I had an idea to see just how impacted we would be. Go into your browser's settings and block the website URLs www.google.com, www.yahoo.com, www.ask.com, www.search.com, www.live.com, and every other search engine you can think of ... and then use your computer for a while. See how much it impacts your life.
You'll find that your online life relies on technologies ... out there ... somewhere ... in the web. And when they are inaccessible, any attempts to surf become limited, unproductive and really boring by comparison. In fact, it's quite astounding. It's like the other test which says "when you're with your family or friends sometime in the living room, turn off the TV for 15 minutes and see how awkward it feels." We're really becoming attached to technology and I wonder how many of us realize that?
Cloud computing failures
Now we come to the meat of this article. It's really the reason I wrote any of it. While Google gave me a moment's pause this weekend, the reflections I've had in thought mimic what those related to cloud computing.
We live in a world trying very hard to move away from individual PCs full of software and stand-alone capabilities, to those based on the cloud computing model. Microsoft has said their recently announcedWindows Azure will be THE model for the next 50 years. And with products like Google's Gdrive becoming very available, it will not be long until the financial incentives and available applications entice users to move away from the comfort of stand-alone PC and "step up into the clouds" for their computing needs.
It may be important for our readers to realize that when that happens, the necessity of having functional clouds will be more important than having even functional search engines today. If we lost our search engines, our online surfing would be something less than is possible today, but we would still be able to send email, IM, access our word processors, finish up term papers or research grant proposals or whatever. We would not be left incapable or rendered unable without a search engine.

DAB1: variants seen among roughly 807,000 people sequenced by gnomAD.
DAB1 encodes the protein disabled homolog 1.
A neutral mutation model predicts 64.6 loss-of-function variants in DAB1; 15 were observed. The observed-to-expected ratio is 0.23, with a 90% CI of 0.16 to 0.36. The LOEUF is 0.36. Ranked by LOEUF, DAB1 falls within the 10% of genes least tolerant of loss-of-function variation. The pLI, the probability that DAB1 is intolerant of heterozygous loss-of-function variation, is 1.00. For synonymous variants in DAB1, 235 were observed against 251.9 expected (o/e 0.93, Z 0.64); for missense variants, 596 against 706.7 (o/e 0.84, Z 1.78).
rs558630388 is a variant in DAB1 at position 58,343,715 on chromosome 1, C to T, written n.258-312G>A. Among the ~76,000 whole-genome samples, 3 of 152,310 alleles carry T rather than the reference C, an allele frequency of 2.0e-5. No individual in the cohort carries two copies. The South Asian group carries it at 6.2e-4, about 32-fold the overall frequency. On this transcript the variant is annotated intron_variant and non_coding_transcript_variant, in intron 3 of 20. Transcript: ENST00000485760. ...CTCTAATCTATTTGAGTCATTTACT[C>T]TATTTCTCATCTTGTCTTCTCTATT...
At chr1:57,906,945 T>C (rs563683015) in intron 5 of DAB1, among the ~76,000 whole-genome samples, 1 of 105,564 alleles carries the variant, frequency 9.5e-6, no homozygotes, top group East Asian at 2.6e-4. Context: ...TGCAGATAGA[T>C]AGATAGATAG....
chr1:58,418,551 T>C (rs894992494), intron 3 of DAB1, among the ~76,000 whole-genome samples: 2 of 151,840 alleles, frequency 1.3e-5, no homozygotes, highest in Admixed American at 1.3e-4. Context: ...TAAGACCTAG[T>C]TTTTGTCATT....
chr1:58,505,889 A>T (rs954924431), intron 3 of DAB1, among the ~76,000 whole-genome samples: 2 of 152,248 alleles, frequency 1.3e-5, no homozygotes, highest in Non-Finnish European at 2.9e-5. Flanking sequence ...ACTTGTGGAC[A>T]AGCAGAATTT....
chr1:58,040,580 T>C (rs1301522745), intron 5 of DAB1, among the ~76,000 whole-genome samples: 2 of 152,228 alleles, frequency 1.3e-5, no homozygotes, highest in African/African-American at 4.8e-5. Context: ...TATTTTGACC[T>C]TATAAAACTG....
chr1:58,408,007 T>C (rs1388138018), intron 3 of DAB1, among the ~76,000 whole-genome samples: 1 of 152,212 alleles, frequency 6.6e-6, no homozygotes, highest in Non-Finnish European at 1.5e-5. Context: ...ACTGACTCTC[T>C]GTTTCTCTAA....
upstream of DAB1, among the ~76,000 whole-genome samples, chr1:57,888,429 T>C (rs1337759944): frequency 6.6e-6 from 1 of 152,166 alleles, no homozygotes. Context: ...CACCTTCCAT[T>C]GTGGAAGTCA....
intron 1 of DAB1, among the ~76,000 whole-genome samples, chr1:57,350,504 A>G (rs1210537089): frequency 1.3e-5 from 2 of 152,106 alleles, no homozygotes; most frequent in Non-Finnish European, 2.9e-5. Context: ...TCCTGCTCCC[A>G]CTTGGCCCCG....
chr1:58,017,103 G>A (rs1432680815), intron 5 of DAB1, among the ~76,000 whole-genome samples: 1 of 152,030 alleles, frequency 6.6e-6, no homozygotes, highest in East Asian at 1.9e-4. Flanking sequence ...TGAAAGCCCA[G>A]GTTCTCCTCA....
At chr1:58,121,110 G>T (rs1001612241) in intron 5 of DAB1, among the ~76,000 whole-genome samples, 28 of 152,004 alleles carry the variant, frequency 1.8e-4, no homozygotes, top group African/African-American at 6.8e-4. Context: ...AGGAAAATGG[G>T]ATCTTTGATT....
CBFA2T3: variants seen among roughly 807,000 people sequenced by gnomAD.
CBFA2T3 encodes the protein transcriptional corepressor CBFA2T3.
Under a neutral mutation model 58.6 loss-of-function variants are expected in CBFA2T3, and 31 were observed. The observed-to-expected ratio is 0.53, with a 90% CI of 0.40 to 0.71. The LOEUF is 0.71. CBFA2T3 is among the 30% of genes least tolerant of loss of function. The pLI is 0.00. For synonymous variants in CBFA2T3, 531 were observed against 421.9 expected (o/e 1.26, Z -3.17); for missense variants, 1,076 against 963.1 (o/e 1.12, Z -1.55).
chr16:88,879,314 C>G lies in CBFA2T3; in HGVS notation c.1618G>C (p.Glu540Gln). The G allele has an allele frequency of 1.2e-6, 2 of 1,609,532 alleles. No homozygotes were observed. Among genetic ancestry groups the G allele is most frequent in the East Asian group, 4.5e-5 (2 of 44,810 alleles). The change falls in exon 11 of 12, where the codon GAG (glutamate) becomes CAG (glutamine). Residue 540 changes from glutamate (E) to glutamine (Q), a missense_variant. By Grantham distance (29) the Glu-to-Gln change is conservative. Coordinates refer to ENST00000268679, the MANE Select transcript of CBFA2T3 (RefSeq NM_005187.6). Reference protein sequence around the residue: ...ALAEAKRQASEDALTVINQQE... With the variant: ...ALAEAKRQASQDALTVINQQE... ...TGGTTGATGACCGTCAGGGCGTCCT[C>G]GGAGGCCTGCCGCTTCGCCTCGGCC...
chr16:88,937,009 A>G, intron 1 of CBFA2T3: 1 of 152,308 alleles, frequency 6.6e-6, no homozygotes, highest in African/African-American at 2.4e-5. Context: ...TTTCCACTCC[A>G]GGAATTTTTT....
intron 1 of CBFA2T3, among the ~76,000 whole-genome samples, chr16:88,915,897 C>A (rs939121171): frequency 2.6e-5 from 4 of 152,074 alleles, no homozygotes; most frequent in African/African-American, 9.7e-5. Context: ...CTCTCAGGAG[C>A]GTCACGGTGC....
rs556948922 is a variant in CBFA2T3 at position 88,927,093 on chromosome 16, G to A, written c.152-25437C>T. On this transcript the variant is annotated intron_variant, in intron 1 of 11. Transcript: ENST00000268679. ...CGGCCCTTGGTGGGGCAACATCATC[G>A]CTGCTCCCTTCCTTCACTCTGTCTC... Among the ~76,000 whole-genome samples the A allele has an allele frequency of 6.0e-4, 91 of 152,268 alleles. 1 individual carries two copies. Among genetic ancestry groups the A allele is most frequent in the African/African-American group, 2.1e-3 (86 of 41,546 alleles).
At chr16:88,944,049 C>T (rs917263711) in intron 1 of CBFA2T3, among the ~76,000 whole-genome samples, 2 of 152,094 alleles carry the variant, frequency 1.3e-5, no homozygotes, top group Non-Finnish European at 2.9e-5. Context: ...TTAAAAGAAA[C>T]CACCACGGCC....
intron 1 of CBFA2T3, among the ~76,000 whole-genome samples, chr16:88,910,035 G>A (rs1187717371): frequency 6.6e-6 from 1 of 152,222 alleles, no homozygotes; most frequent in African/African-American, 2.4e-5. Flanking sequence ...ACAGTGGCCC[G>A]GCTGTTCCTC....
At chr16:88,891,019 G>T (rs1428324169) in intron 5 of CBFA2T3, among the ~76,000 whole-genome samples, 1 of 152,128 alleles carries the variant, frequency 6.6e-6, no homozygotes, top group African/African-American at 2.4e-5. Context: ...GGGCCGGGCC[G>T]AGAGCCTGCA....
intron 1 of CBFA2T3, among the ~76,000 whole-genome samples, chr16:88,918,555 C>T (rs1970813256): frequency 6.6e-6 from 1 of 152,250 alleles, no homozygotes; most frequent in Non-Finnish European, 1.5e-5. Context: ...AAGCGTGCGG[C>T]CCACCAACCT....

However ... when the cloud computing model is fully realized, without an Internet connection to access our remote applications and data, and without a functional system on the other end, there will be nothing left for us to do. We might be able to go and find that old notebook computer stuffed in a closet somewhere and, provided the hard drive is still accessible, the power cord still works, and the keyboard and screen are functional, it might boot up and give us some access to some old software. But it won't be like anything we will have become accustomed to using. We won't be able to go from home to home, mobile device to mobile device, to work and play always having our same data and applications available as we did before.
The cloud computing concept is scary enough when you consider that all of your data and software will rely on remote computers under someone else's control. But when you consider the fact that most of us at some point will throw our stand-alone PCs to the curb in favor of the much more enticing feature-rich set of cloud services ... then the reality is that any failures in the cloud will be far more damaging to us individually, to corporations, to families (who rely on the cloud's email, video and chat abilities integrated into every app), and much more that we don't even realize or can't see today.
Cloud computing is going to change the face of this world, but it's important we realize what that means. And Google's tiny little failures last week have given us the merest glimpse into the extent to which our lives are already controlled by those remote machines.
If you come away with anything from this article, let it be the mindset of consideration. Think about what it means to move from stand-alone devices to cloud-based models. We all lose something when we gain those things which might be sought after - in this case, mobility and the "anywhere computer." I just ask that we all consider if the loss is really something worth the "advance."
Of course, all of these are just my opinions. I could be wrong.
The opinions expressed in this commentary are solely those of the author.